Also in 2014, Rhonda Balzarini, a graduate student in my lab, was given the opportunity to use a large dataset (over 3000 participants) collected by a group of researchers based in Universities throughout the USA (PIs, Bjarne Holmes, Justin Lehmiller, Jennifer Harman, and Nicole Atkins). Rhonda and I met regularly for about two months in the fall of 2014 to discuss our research interests with respect to the dataset and to derive specific hypotheses prior to looking at any of the actual data (i.e., no peeking). Rhonda then publicly disclosed (and pre-registered), prior to analyses, our hypotheses, the methods and measures used in our analyses (link here: https://osf.io/vs574/).
(3) What if in my study I plan to test more than one set of hypotheses? Also, maybe I don’t know what the other hypotheses are yet so how could I possible “pre-register” them?
Big, complex dyadic studies, as mentioned above, rarely set out to test one set of hypotheses. It is entirely possible, however, to make all study materials/procedures publicly available, and to disclose the first set of planned hypotheses along with a data analytic plan. This is the approach taken by Taylor Kohut, a post-doc in my lab, for a large scale longitudinal dyadic study with an experimental intervention (3 conditions) initiated at the midpoint of the study. Instead of trying to explain the study here, I will simply refer you to all of the study information (and I do mean ALL of it) posted on the OSF: https://osf.io/yksxt/ (including study rationale, methods/measures, analytic strategy, and our recruitment plan). It is guaranteed that we will develop new hypotheses in the future, hypotheses that have not yet been considered or discussed. When that time comes we will simply add a new component to the OSF project that discusses our new hypotheses and data analytic plan, and what variables from the original study we plan to use.
(4) What if I can’t make data available? Or code?
There are at least a few concerns with sharing data: (1) other people can use it and benefit from your efforts, and (2) what if participants can identify their own, or their partner’s, sensitive data? With respect to the first concern, the OSF allows users to create a DOI for all files, including datasets, so that if someone does choose to use your data they can properly cite the dataset. Additionally, users on the OSF can license their datasets in seconds, making it legally mandatory for anyone using the dataset to properly cite its use. With respect to the second concern, there are many ways to de-identify data sets, and ways to restrict the use of datasets to other researchers (e.g., post the data on the OSF to a private project page or component, and then grant access to that page or component when asked by other researchers). This is admittedly a big issue that warrants a much longer discussion, and is something we discuss in more detail in a paper in press at the Journal of Personality and Social Psychology (LeBel, Campbell, & Loving, in press; for a pre-accepted draft of this manuscript click here: http://papers.ssrn.com/sol3/papers.cfm?abstract_id=2616384).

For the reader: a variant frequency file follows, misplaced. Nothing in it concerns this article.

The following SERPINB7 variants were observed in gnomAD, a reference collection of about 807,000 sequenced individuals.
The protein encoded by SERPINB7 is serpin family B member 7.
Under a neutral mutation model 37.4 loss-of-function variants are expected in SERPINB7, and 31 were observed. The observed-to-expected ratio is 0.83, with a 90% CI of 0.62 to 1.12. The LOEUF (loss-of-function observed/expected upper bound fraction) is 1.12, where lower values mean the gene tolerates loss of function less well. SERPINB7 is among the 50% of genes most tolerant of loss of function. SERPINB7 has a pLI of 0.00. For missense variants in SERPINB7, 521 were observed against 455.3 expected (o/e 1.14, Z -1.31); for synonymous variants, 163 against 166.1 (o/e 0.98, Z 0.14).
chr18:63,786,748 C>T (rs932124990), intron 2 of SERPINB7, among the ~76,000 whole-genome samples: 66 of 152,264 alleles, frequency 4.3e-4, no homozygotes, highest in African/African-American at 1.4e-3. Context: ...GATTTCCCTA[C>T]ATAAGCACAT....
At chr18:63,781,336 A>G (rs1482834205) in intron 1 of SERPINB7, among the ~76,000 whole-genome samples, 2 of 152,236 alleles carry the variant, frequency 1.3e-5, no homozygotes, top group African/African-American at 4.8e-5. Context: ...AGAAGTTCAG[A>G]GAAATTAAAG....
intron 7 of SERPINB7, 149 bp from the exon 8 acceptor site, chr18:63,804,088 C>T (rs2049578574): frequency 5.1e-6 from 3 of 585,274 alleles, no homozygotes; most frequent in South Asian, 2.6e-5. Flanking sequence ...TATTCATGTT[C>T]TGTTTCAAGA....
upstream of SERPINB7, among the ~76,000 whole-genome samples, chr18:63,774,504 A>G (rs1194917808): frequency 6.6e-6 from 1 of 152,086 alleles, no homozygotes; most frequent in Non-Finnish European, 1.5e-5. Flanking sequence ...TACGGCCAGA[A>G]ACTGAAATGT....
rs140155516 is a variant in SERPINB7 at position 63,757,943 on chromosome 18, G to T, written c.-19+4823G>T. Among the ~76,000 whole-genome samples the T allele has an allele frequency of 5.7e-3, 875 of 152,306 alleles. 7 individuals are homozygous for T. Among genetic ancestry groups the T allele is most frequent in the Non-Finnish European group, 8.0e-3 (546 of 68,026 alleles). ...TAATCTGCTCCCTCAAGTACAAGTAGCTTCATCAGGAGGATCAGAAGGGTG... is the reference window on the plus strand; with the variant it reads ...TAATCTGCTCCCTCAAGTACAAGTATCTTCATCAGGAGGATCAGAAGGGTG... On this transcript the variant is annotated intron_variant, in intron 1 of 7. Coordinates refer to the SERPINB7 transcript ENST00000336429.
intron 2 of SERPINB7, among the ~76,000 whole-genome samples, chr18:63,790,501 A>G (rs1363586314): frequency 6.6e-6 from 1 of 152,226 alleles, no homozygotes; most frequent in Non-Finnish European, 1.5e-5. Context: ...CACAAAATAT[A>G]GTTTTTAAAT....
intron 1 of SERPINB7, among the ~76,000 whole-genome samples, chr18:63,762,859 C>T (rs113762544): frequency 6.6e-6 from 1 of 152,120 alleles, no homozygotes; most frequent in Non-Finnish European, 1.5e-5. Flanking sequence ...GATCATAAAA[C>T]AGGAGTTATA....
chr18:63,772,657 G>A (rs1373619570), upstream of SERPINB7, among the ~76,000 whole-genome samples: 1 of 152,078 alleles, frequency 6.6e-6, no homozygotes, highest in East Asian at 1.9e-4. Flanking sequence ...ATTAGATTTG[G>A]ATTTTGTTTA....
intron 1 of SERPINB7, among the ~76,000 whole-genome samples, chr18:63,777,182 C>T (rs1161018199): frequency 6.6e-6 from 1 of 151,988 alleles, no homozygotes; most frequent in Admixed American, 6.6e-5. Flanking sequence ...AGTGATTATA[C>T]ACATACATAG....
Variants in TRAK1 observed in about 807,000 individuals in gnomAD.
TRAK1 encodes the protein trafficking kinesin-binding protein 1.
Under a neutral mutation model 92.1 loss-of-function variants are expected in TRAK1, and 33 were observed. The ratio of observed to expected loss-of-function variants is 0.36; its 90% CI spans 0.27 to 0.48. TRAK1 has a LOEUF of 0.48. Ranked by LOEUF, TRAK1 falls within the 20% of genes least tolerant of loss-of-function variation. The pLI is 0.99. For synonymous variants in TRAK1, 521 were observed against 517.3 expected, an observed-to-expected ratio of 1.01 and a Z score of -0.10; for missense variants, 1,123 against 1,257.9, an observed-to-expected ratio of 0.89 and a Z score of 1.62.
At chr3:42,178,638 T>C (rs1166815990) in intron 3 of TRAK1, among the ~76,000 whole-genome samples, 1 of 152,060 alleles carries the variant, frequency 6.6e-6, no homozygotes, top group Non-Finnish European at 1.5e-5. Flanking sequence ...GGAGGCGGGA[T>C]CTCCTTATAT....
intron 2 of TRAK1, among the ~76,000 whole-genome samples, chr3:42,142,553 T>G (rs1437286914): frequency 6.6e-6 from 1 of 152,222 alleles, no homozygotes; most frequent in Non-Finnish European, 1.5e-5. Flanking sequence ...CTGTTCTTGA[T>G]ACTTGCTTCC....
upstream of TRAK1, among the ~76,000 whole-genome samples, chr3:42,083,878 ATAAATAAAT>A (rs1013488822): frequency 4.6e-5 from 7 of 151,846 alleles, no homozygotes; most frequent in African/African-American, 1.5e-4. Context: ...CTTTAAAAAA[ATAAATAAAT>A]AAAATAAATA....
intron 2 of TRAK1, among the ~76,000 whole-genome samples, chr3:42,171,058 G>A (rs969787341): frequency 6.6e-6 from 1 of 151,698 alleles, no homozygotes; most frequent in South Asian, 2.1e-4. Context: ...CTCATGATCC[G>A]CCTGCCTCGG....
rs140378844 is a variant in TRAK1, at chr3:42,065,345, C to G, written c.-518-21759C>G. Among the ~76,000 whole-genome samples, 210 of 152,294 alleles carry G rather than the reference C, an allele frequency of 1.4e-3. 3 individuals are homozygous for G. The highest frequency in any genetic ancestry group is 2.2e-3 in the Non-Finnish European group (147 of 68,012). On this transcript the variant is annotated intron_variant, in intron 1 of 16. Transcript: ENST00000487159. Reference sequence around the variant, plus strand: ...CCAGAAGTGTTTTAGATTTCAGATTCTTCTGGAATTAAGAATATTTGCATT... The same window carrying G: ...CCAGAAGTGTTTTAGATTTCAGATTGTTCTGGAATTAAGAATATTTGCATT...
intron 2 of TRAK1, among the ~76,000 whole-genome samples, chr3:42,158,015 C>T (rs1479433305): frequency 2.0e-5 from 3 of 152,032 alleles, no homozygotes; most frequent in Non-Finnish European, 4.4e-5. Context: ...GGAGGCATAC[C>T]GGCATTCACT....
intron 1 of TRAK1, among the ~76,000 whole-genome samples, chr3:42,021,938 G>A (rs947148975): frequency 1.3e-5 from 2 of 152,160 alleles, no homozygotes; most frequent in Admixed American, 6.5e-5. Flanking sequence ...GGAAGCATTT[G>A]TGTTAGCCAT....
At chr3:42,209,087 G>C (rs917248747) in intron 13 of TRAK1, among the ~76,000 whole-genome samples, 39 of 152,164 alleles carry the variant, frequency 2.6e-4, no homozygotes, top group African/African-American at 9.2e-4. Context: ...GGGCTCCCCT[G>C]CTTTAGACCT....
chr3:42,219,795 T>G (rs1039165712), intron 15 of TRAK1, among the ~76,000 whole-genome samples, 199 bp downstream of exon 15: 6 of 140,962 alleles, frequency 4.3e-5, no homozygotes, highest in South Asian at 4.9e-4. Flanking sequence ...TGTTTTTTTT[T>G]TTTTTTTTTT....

In my lab we are moving toward posting data needed to reproduce the results of any analyses reported in our manuscripts, and we also post the code/syntax that we used to run our models. At this link https://osf.io/ryfse/ you can find data sets and code needed to reproduce the analyses in a paper in press at the Journal of Experimental Social Psychology, and at this link https://osf.io/me7jp/ you can find the data files (available upon request, but they are physically present in a component linked to this OSF page) and code (for SAS) needed to reproduce the analyses presented in this publication: http://www.collabra.org/articles/10.1525/collabra.24/. One benefit of this practice is that we independently run all study analyses to ensure we can reproduce the results reported in the manuscript prior to submitting for peer review.
There are undoubtedly other scenarios not discussed here that require novel open science solutions. My goal was to share a few of the questions I have heard most often, and show some of the answers we have come up with in my lab. Open science can be done with complex study designs within the field of relationship science, because it is being done. I therefore suggest that the question I posed at the outset of this piece be changed from “What if I can’t do open science?” to “How can I do open science with this study?”.
We now have the tools available to move away from the more “closed science” practices that have been typical of our field to this time. Using these tools is of course a choice, but not using them is also a choice. I have chosen to engage in open science practices for my own research going forward. My experiences so far suggest to me that open science practices have not stifled my creativity, limited what I choose to study, limited the exploration of ideas, or otherwise burdened my ability to discover new things (such as they were).
Campbell, L., Loving, T. J., & LeBel, E. P. (2014). Enhancing transparency of the research process to increase accuracy of findings: A guide for relationship researchers. Personal Relationships, 21(4), 531-545.
Kashy, D.A., Campbell, L., & Harris, D.W. (2006). Advances in data analytic approaches for relationships research: The broad utility of hierarchical linear modeling. In A. Vangelisti & D. Perlman (Eds.), The Cambridge Handbook of Personal Relationships (pp. 73-90). New York: Cambridge University Press.
This post is open to read and review on The Winnower.